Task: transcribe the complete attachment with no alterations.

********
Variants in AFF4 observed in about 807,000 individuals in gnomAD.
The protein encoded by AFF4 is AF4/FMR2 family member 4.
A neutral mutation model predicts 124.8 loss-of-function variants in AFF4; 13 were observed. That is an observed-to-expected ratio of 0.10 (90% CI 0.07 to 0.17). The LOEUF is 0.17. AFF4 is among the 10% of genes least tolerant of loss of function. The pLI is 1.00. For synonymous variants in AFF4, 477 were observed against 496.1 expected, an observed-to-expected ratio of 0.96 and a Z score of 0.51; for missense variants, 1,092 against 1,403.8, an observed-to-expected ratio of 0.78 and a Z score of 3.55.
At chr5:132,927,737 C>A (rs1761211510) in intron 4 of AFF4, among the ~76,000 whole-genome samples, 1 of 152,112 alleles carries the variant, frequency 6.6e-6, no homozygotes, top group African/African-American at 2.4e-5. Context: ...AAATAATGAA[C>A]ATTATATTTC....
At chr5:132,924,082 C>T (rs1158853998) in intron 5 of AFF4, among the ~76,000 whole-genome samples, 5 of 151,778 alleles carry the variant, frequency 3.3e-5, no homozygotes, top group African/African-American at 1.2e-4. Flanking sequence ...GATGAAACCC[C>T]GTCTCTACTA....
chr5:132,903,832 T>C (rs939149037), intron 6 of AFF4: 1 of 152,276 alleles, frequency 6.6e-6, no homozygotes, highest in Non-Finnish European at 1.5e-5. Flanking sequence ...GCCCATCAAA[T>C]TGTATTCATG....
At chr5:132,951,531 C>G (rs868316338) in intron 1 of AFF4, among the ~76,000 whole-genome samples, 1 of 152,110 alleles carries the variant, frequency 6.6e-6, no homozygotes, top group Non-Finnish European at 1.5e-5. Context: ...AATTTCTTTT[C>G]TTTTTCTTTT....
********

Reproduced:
Variants in AFF4 observed in about 807,000 individuals in gnomAD.
The protein encoded by AFF4 is AF4/FMR2 family member 4.
A neutral mutation model predicts 124.8 loss-of-function variants in AFF4; 13 were observed. That is an observed-to-expected ratio of 0.10 (90% CI 0.07 to 0.17). The LOEUF is 0.17. AFF4 is among the 10% of genes least tolerant of loss of function. The pLI is 1.00. For synonymous variants in AFF4, 477 were observed against 496.1 expected, an observed-to-expected ratio of 0.96 and a Z score of 0.51; for missense variants, 1,092 against 1,403.8, an observed-to-expected ratio of 0.78 and a Z score of 3.55.
At chr5:132,927,737 C>A (rs1761211510) in intron 4 of AFF4, among the ~76,000 whole-genome samples, 1 of 152,112 alleles carries the variant, frequency 6.6e-6, no homozygotes, top group African/African-American at 2.4e-5. Context: ...AAATAATGAA[C>A]ATTATATTTC....
At chr5:132,924,082 C>T (rs1158853998) in intron 5 of AFF4, among the ~76,000 whole-genome samples, 5 of 151,778 alleles carry the variant, frequency 3.3e-5, no homozygotes, top group African/African-American at 1.2e-4. Flanking sequence ...GATGAAACCC[C>T]GTCTCTACTA....
chr5:132,903,832 T>C (rs939149037), intron 6 of AFF4: 1 of 152,276 alleles, frequency 6.6e-6, no homozygotes, highest in Non-Finnish European at 1.5e-5. Flanking sequence ...GCCCATCAAA[T>C]TGTATTCATG....
At chr5:132,951,531 C>G (rs868316338) in intron 1 of AFF4, among the ~76,000 whole-genome samples, 1 of 152,110 alleles carries the variant, frequency 6.6e-6, no homozygotes, top group Non-Finnish European at 1.5e-5. Context: ...AATTTCTTTT[C>G]TTTTTCTTTT....